It is unusual for a SSSI to be designated primarily for its invertebrates but that is what a group of volunteers and NGOs are trying to do at the Garnock Estuary. The estuary is situated just north of Irvine on the north Ayrshire coast where the rivers Ayr and Garnock meet. This is the largest estuary on the Clyde coast and part of its mudflats and saltmarshes are already a SSSI that also attracts large numbers of wintering wildfowl. However, the invertebrate assemblage (and in particular the beetles) found on the original sand dunes around the estuary are of undoubted Scottish importance. The Ardeer Action Group, consisting of local naturalists and NGOs including the Scottish Wildlife Trust, the RSPB, Buglife, Butterfly Conservation and Plantlife and with support from ColSoc, have submitted extensive documentation to NatureScot outlining the rationale for designating the site as a SSSI. There is no space here to go into all the details but an article in British Wildlife (Vol. 21(5): 332-340) gives a good summary.
In brief the land around the estuary was, in the middle of the 20th century, the site of the world’s largest explosives factory extending to almost 900ha and employing 15000 people. Originally founded by Alfred Nobel in 1870 to manufacture dynamite, it had later become part of ICI and its activities extended to paints, dyes and artificial fabrics. Changing circumstances led to the site becoming more run down until it effectively closed around 30 years ago although there is still some explosives manufacturing going on in a small part of the site. Currently this is classified as one of the largest brownfield sites in Scotland.
This may seem an unlikely start for a SSSI but because explosives manufacturing is an inherently dangerous activity most of the buildings were well separated from one another by embankments made of sand from the dunes and in low lying areas fire ponds were excavated creating open water and associated wetlands. The consequence is that, after 30+ years of benign neglect, we now have a unique mosaic of habitats ranging from the beach though dunes, fixed dune grassland, dune heath and slacks, woodland, open water, carr, swamp and fen. Much of this could be classed as Open Mosaic Habitat on Previously Developed Land (OMHPDL), a habitat now regarded as a priority habitat by Natural England but one which has largely been neglected by NatureScot.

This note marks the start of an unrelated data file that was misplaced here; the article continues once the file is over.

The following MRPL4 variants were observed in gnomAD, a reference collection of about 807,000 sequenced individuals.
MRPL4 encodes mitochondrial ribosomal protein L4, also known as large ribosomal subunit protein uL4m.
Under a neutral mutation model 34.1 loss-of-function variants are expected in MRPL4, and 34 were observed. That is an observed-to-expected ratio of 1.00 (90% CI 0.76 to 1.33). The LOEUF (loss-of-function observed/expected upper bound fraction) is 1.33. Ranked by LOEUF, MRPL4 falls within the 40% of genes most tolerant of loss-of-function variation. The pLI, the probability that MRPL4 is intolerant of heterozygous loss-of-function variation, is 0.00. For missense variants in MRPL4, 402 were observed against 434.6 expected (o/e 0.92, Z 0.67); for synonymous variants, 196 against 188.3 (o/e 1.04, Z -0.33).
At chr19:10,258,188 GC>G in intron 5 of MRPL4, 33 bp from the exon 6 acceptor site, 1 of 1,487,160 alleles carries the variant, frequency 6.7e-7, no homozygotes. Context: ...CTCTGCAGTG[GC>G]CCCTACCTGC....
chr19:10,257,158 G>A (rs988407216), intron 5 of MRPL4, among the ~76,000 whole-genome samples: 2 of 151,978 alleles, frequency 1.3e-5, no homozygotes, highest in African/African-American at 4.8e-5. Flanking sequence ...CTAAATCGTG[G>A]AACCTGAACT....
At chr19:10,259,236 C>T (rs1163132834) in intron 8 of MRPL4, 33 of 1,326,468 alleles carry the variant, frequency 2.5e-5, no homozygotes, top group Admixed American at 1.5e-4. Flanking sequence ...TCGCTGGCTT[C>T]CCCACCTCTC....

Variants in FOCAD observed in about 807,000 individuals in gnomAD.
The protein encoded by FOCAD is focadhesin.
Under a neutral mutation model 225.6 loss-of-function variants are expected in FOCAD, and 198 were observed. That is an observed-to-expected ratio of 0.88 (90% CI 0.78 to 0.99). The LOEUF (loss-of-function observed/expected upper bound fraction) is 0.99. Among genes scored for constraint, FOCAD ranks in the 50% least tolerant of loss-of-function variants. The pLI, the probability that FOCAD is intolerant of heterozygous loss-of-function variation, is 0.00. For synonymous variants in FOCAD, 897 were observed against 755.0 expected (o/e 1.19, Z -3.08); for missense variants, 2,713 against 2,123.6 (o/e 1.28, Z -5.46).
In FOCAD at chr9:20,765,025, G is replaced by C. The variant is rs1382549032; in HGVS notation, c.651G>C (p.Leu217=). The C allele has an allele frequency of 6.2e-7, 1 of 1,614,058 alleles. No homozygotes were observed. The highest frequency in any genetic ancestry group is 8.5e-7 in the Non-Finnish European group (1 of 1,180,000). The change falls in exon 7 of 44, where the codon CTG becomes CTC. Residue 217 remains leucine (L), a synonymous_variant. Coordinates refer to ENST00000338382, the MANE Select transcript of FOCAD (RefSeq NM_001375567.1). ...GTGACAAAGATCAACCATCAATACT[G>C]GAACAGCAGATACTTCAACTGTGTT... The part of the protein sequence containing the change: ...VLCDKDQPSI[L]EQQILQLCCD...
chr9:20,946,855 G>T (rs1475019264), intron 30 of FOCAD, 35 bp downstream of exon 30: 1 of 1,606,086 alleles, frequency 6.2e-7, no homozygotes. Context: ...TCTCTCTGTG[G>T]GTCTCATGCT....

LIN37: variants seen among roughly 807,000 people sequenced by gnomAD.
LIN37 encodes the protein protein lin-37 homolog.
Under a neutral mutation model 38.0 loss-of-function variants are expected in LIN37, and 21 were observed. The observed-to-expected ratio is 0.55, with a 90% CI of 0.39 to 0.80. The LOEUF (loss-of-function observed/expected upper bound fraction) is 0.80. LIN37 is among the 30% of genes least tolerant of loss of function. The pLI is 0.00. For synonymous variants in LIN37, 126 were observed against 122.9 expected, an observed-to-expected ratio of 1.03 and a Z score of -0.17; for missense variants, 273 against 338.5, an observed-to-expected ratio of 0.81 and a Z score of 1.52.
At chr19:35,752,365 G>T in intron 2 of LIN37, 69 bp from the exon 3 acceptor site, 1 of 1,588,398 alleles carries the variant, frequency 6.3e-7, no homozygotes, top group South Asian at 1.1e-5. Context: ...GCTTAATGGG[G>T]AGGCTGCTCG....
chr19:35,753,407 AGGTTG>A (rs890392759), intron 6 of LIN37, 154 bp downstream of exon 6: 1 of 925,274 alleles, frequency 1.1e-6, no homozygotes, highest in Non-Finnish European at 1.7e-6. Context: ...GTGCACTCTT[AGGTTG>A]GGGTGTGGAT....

It is clear from looking at the invertebrates found here that much of the original fauna has been retained and probably added to by the industrialisation of the site. This gives an unrivalled assemblage of invertebrates. For example, Steven Falk has said that it is the most important site in Scotland for aculeate Hymenoptera and it is also rich in Diptera and Lepidoptera. However, as a ColSoc supporter, the most interesting group here are obviously the beetles. To date, over 400 species have been recorded and the actual number is no doubt much higher once a full survey has been carried out and the coleopteran equivalent of ‘the little brown jobs’ have been dealt with.
The only RDB beetle to have been found so far is Chilothorax paykulli but there are numerous Nationally Rare and Scarce species plus apparent new records for Scotland including Harpalusneglectus, Meligethes atramentarius and M. planiusculus. The habitat diversity of the site is displayed by the range of species found – some examples of scarcer species are listed below.
The status of the area in planning terms is complex but there is some urgency for its biodiversity importance to be identified. Most of the former ICI land is owned by a development company that, for obvious reasons, wants a return on its investment. There are also active quarries currently extracting sand from the area and a planning application for a small wind farm has been lodged. Until very recently the area was also on the short list for a prototype fusion reactor but that will now be sited elsewhere.
Ideally there should have been much more comprehensive survey work carried out to fully evaluate the fauna and flora but the site owners do not want public access to the area and this has largely limited invertebrate recording to informal visits by local naturalists. The rationale for designation that has now been lodged with NatureScot will hopefully be treated sympathetically and would be the first brownfield SSSI in Scotland as well contributing to the target of 30 % of land managed for conservation by 2030 (30x30).
A response from NatureScot is expected early in 2023 so watch this space!